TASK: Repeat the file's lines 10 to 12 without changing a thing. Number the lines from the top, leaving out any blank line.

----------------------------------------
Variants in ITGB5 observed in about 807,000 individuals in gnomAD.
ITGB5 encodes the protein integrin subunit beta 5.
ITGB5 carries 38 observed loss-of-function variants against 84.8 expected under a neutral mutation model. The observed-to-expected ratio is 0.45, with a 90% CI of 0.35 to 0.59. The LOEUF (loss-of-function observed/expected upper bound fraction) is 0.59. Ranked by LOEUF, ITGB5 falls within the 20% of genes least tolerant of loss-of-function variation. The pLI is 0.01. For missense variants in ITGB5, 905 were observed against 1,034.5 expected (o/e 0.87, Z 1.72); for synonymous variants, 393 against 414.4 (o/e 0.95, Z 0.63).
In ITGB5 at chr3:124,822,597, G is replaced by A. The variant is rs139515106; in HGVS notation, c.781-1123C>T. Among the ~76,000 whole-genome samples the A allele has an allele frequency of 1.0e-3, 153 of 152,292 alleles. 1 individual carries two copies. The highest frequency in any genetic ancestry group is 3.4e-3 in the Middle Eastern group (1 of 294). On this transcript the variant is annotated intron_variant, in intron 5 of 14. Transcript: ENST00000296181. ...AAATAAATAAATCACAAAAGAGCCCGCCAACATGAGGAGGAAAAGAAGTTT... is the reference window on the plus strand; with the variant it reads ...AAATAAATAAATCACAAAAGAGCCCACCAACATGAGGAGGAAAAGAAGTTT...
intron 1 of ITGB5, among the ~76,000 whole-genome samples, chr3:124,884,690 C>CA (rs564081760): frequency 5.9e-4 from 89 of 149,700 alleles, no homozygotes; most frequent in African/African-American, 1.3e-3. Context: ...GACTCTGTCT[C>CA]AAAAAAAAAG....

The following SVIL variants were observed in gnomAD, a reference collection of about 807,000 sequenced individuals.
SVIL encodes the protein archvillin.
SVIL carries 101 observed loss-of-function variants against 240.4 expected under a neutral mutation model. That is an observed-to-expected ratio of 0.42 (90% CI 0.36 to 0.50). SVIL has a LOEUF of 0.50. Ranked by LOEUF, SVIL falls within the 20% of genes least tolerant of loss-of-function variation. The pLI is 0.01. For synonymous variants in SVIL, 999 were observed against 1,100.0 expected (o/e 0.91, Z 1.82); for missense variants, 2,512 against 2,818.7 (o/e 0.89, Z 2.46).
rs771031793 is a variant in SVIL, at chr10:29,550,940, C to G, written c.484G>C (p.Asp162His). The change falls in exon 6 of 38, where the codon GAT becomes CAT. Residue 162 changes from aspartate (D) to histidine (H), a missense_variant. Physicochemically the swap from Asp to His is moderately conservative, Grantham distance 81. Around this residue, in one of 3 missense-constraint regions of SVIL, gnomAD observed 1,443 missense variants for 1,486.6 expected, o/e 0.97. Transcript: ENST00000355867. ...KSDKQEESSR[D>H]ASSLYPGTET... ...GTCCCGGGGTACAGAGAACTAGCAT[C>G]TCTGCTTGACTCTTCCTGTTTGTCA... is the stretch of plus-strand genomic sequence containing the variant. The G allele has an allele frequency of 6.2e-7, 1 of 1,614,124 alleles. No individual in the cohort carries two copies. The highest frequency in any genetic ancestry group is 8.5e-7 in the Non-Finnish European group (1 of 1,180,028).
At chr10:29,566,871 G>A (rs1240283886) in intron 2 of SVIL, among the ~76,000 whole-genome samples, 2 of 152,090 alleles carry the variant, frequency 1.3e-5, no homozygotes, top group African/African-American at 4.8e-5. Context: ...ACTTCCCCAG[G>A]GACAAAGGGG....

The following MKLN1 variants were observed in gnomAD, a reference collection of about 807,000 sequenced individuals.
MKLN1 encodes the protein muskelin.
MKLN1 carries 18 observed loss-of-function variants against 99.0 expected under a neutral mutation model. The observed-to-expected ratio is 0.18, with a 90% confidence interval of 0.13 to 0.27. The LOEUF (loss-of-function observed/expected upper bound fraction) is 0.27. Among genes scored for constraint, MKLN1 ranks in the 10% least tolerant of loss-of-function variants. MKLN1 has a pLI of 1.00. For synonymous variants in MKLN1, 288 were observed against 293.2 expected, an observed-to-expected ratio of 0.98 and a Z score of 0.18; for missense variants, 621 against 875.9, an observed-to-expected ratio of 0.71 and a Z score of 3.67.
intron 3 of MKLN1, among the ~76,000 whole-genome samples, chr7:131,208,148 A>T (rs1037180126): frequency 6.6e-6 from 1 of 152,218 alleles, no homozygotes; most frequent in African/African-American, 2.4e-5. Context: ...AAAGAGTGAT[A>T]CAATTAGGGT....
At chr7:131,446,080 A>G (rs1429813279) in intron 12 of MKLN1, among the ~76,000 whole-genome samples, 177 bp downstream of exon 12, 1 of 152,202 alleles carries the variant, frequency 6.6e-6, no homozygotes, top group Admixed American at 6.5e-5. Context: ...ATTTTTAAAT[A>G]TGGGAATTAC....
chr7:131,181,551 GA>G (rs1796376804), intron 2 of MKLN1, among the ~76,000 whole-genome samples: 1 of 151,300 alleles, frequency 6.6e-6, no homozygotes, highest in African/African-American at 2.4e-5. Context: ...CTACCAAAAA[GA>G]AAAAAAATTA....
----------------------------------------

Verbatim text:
At chr10:29,566,871 G>A (rs1240283886) in intron 2 of SVIL, among the ~76,000 whole-genome samples, 2 of 152,090 alleles carry the variant, frequency 1.3e-5, no homozygotes, top group African/African-American at 4.8e-5. Context: ...ACTTCCCCAG[G>A]GACAAAGGGG....

The following MKLN1 variants were observed in gnomAD, a reference collection of about 807,000 sequenced individuals.
MKLN1 encodes the protein muskelin.